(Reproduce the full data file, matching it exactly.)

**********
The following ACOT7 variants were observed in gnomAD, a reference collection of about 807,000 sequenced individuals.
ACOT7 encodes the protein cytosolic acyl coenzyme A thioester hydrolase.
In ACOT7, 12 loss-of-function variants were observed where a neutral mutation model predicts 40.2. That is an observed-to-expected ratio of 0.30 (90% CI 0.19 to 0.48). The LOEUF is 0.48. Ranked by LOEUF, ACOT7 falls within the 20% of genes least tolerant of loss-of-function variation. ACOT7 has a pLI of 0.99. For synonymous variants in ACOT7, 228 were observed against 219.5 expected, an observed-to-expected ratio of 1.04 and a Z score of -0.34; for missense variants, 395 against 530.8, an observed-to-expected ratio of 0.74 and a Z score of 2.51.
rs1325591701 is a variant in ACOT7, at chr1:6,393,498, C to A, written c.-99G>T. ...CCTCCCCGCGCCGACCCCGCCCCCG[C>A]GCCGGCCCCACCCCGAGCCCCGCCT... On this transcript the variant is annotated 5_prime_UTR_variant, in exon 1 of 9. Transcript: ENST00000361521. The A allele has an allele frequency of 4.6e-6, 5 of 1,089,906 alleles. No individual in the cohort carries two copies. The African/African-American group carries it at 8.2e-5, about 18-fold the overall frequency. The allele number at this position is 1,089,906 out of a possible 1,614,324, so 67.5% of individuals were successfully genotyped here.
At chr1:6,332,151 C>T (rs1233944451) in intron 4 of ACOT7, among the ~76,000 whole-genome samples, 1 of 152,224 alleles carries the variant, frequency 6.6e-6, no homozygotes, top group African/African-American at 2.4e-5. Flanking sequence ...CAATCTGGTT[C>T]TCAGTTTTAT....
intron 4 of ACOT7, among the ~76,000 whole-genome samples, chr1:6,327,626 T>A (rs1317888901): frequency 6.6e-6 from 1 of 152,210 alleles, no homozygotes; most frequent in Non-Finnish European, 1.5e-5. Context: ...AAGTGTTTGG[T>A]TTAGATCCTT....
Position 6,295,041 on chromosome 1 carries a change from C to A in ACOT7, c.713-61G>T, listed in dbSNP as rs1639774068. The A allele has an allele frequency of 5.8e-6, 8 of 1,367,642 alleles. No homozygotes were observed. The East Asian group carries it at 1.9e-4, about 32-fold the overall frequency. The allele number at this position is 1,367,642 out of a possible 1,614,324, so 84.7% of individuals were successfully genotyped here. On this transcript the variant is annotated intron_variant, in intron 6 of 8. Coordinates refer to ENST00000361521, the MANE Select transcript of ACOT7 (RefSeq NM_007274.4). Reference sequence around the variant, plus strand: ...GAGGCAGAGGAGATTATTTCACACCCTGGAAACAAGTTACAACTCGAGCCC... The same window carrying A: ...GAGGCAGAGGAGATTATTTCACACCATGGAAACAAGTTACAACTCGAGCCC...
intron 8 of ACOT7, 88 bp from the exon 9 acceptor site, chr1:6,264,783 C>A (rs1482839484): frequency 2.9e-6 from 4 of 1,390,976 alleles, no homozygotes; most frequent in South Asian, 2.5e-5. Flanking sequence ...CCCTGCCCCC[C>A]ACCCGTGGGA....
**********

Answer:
The following ACOT7 variants were observed in gnomAD, a reference collection of about 807,000 sequenced individuals.
ACOT7 encodes the protein cytosolic acyl coenzyme A thioester hydrolase.
In ACOT7, 12 loss-of-function variants were observed where a neutral mutation model predicts 40.2. That is an observed-to-expected ratio of 0.30 (90% CI 0.19 to 0.48). The LOEUF is 0.48. Ranked by LOEUF, ACOT7 falls within the 20% of genes least tolerant of loss-of-function variation. ACOT7 has a pLI of 0.99. For synonymous variants in ACOT7, 228 were observed against 219.5 expected, an observed-to-expected ratio of 1.04 and a Z score of -0.34; for missense variants, 395 against 530.8, an observed-to-expected ratio of 0.74 and a Z score of 2.51.
rs1325591701 is a variant in ACOT7, at chr1:6,393,498, C to A, written c.-99G>T. ...CCTCCCCGCGCCGACCCCGCCCCCG[C>A]GCCGGCCCCACCCCGAGCCCCGCCT... On this transcript the variant is annotated 5_prime_UTR_variant, in exon 1 of 9. Transcript: ENST00000361521. The A allele has an allele frequency of 4.6e-6, 5 of 1,089,906 alleles. No individual in the cohort carries two copies. The African/African-American group carries it at 8.2e-5, about 18-fold the overall frequency. The allele number at this position is 1,089,906 out of a possible 1,614,324, so 67.5% of individuals were successfully genotyped here.
At chr1:6,332,151 C>T (rs1233944451) in intron 4 of ACOT7, among the ~76,000 whole-genome samples, 1 of 152,224 alleles carries the variant, frequency 6.6e-6, no homozygotes, top group African/African-American at 2.4e-5. Flanking sequence ...CAATCTGGTT[C>T]TCAGTTTTAT....
intron 4 of ACOT7, among the ~76,000 whole-genome samples, chr1:6,327,626 T>A (rs1317888901): frequency 6.6e-6 from 1 of 152,210 alleles, no homozygotes; most frequent in Non-Finnish European, 1.5e-5. Context: ...AAGTGTTTGG[T>A]TTAGATCCTT....
Position 6,295,041 on chromosome 1 carries a change from C to A in ACOT7, c.713-61G>T, listed in dbSNP as rs1639774068. The A allele has an allele frequency of 5.8e-6, 8 of 1,367,642 alleles. No homozygotes were observed. The East Asian group carries it at 1.9e-4, about 32-fold the overall frequency. The allele number at this position is 1,367,642 out of a possible 1,614,324, so 84.7% of individuals were successfully genotyped here. On this transcript the variant is annotated intron_variant, in intron 6 of 8. Coordinates refer to ENST00000361521, the MANE Select transcript of ACOT7 (RefSeq NM_007274.4). Reference sequence around the variant, plus strand: ...GAGGCAGAGGAGATTATTTCACACCCTGGAAACAAGTTACAACTCGAGCCC... The same window carrying A: ...GAGGCAGAGGAGATTATTTCACACCATGGAAACAAGTTACAACTCGAGCCC...
intron 8 of ACOT7, 88 bp from the exon 9 acceptor site, chr1:6,264,783 C>A (rs1482839484): frequency 2.9e-6 from 4 of 1,390,976 alleles, no homozygotes; most frequent in South Asian, 2.5e-5. Flanking sequence ...CCCTGCCCCC[C>A]ACCCGTGGGA....